If you haven't read it already - "KAIZEN The Key to Japan's Competitive Success" by: Masaaki Imai is another very interesting read. (ISBN 394-55186-9

If you are interested in going back to the beginning of the automobile industry in Japan, I'm sure you would find the book "William R. Gorham - An American Engineer in Japan" a fascinating study.

Written by his closest friends in Japan, after his death in 1949 Mr. Gorham is credited with all but building Japan's modern industrial base prior to WW-II, and was the key person in the technological foundation of Nissan Motors (even before it was Nissan!). (ISBN 1-4116-5549-4 ) You can order the book in either digital form, or hard copy from Lulu.com <a href=http://www.lulu.com/content/174439 TARGET=NEW> http://www.lulu.com/content/174439 </a>

Nissan and Toyota were neck and neck for the #1 Sales Spot in the 60's and 70's.... Nissan lost it's focus on Quality (Deming/Juran) in the early 80's and they lost ground to Toyota though the 80's and 90's. Sadly with all the mergers and re-organizations at Nissan, I haven't seen it return to the path followed so well by Toyota.

FWIW

Carl B.

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If you are interested in going back to the beginning of the automobile industry in Japan, I'm sure you would find the book "William R. Gorham - An American Engineer in Japan" a fascinating study.

Written by his closest friends in Japan, after his death in 1949 Mr. Gorham is credited with all but building Japan's modern industrial base prior to WW-II, and was the key person in the technological foundation of Nissan Motors (even before it was Nissan!). (ISBN 1-4116-5549-4 ) You can order the book in either digital form, or hard copy from Lulu.com <a href=http://www.lulu.com/content/174439 TARGET=NEW> http://www.lulu.com/content/174439 </a>

Nissan and Toyota were neck and neck for the #1 Sales Spot in the 60's and 70's.... Nissan lost it's focus on Quality (Deming/Juran) in the early 80's and they lost ground to Toyota though the 80's and 90's. Sadly with all the mergers and re-organizations at Nissan, I haven't seen it return to the path followed so well by Toyota.

FWIW

Carl B.

Thanks Carl,

I was at a loss and couldn't remember Gorham's name when typing my last post. With regard to Nissan falling behind to Toyota--put the last nail in that coffin. Nissan couldn't possibly hope to catch up to Toyota unless something drastic were to happen to Toyota as they have such a strong cash position among other factors going for them.

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Carl, you are a veritable encyclopedia!

I am familiar with Juran, not with Gorham, so that looks like fine reading! At GE, I had been exposed to Six Sigma, which was something that worked very well for Motorola. The downside is that management started drinking too much Kool-Aid and everyone was doing "green belt" projects - no one did any real work!! There's certainly pros/cons.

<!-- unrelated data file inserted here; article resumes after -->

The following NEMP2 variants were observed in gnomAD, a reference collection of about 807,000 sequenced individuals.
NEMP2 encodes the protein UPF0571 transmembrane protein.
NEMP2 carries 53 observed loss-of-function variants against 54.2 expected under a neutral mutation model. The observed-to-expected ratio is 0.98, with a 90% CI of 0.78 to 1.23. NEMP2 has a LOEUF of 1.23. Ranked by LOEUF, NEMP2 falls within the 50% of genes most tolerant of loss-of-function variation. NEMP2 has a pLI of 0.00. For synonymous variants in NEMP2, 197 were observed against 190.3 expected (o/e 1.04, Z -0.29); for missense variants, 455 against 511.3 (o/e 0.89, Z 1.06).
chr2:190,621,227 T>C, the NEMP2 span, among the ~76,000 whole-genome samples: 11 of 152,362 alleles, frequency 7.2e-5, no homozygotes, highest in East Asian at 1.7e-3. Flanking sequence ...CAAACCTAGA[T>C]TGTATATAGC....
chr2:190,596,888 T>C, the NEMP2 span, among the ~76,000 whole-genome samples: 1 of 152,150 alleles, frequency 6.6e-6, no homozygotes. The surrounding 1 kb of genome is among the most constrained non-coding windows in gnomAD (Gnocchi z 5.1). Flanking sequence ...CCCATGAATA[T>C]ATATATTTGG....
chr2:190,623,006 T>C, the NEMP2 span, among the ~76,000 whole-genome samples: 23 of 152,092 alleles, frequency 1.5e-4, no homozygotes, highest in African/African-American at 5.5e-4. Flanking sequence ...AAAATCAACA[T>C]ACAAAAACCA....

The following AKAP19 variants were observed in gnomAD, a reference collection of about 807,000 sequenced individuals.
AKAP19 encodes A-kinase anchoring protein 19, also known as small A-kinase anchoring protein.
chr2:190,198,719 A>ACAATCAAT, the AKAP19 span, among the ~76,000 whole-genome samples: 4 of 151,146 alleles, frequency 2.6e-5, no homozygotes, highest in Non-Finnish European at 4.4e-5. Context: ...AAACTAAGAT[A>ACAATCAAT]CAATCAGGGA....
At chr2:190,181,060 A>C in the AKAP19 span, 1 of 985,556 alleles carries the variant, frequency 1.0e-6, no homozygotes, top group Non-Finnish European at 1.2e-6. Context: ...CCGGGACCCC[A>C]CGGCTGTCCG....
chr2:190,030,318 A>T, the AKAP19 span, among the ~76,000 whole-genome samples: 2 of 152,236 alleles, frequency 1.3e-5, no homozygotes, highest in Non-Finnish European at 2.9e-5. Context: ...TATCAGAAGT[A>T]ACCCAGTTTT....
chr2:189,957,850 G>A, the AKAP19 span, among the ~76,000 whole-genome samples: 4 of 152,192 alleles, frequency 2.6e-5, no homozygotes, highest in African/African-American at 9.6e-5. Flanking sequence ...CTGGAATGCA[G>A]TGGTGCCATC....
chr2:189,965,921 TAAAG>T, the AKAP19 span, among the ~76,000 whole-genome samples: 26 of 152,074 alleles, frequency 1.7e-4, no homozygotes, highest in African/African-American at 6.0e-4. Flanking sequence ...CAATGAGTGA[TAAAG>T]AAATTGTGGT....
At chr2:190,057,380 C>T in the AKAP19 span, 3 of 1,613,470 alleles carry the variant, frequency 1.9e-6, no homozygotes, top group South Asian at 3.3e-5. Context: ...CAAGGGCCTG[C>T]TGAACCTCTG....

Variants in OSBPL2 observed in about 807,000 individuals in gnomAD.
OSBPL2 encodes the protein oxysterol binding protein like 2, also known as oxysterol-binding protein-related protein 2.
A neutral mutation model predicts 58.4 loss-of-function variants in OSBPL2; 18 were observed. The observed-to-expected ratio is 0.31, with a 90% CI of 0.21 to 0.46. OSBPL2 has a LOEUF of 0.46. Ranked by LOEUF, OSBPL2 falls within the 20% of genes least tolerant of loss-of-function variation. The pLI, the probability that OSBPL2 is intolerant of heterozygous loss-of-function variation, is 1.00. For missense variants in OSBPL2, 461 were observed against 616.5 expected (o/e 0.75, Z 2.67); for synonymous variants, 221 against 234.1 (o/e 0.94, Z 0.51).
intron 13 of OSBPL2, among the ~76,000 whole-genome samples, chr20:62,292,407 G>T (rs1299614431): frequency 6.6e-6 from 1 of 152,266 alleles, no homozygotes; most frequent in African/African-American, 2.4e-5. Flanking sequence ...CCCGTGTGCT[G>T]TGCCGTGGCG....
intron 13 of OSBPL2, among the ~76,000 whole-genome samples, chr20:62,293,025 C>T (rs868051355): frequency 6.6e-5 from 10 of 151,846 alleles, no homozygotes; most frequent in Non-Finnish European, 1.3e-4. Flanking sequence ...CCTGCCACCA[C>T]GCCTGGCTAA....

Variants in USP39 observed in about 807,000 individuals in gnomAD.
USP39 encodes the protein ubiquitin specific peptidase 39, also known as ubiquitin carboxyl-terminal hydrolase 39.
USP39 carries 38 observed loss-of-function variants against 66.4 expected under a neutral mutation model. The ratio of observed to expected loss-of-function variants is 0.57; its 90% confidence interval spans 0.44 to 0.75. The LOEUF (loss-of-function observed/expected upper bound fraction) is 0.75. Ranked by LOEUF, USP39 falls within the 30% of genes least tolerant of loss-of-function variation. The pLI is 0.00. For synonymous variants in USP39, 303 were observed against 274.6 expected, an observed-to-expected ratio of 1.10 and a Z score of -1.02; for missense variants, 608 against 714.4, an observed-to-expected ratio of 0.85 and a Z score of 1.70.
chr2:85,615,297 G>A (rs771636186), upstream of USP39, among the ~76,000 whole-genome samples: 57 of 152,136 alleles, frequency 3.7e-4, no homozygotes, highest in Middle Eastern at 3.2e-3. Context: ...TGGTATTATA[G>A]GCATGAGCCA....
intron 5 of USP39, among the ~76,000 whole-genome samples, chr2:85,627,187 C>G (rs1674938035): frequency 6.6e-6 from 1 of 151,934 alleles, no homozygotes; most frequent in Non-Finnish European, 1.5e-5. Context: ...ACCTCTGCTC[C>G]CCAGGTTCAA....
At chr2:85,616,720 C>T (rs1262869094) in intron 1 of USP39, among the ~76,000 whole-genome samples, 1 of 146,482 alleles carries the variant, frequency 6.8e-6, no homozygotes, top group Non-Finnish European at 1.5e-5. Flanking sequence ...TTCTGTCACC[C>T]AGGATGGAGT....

I am with both you and Bob on the Quality thing between Nissan and Toyota. This is why I always refer back to Deming et al - Quality is a holistic "thing" - it's not simply lowered defects, it's part of the end-to-end lifecycle and processes, including the customer experience. While Japan, Inc. certainly has the product quality down pat, the Achilles Heel still remains the customer experience. Toyota is on such a roll that products practically sell themselves - but has anyone purchased a Toyota in the past 10-15 years? I won't say this is a blanket statement, but the process is so bad, I have literally walked out of a Toyota dealership cursing up a storm.

Nissan can stay in the game with designing good products from a desirability perspective. Their product quality has been deficient since Renault has taken over. They COULD minimize that perception by improving the customer buying experience - strategically, that's Toyota (and Honda's) weakest point.

I'll supplement the requested reading library - "Well Made in America: Lessons from Harley-Davidson on Being the Best" by Peter Reid. It's the story of Harley from the management buyout from AMF to it's ultimate success in the Motorcycle industry. One of the focus areas for Harley was the customer experience. They knew that product quality improvements would take time, but they could sway perceptions by making the dealerships "user friendly". They strong-armed the dealers, and those that didn't cooperate were disassociated from HD. Back then, you'd walk into a dealer that catered more to the Biker Gang crowd. Today, all showrooms are well lit, airy, friendly, etc.

In my line of work, it's easy to forget that quality does not stop once product is in the channel. It's carried through all the way to the customer - something many vehicle manufacturers are forgetting in this day and age.

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Now, I don't speak French, but this site has some great photos, not only of the 2000gt, but of various Toyota Prototypes (cool gallery), and some great shots of the 240Z. Nice, clean site, easy to figure out-enjoy

http://www.2000gt.net/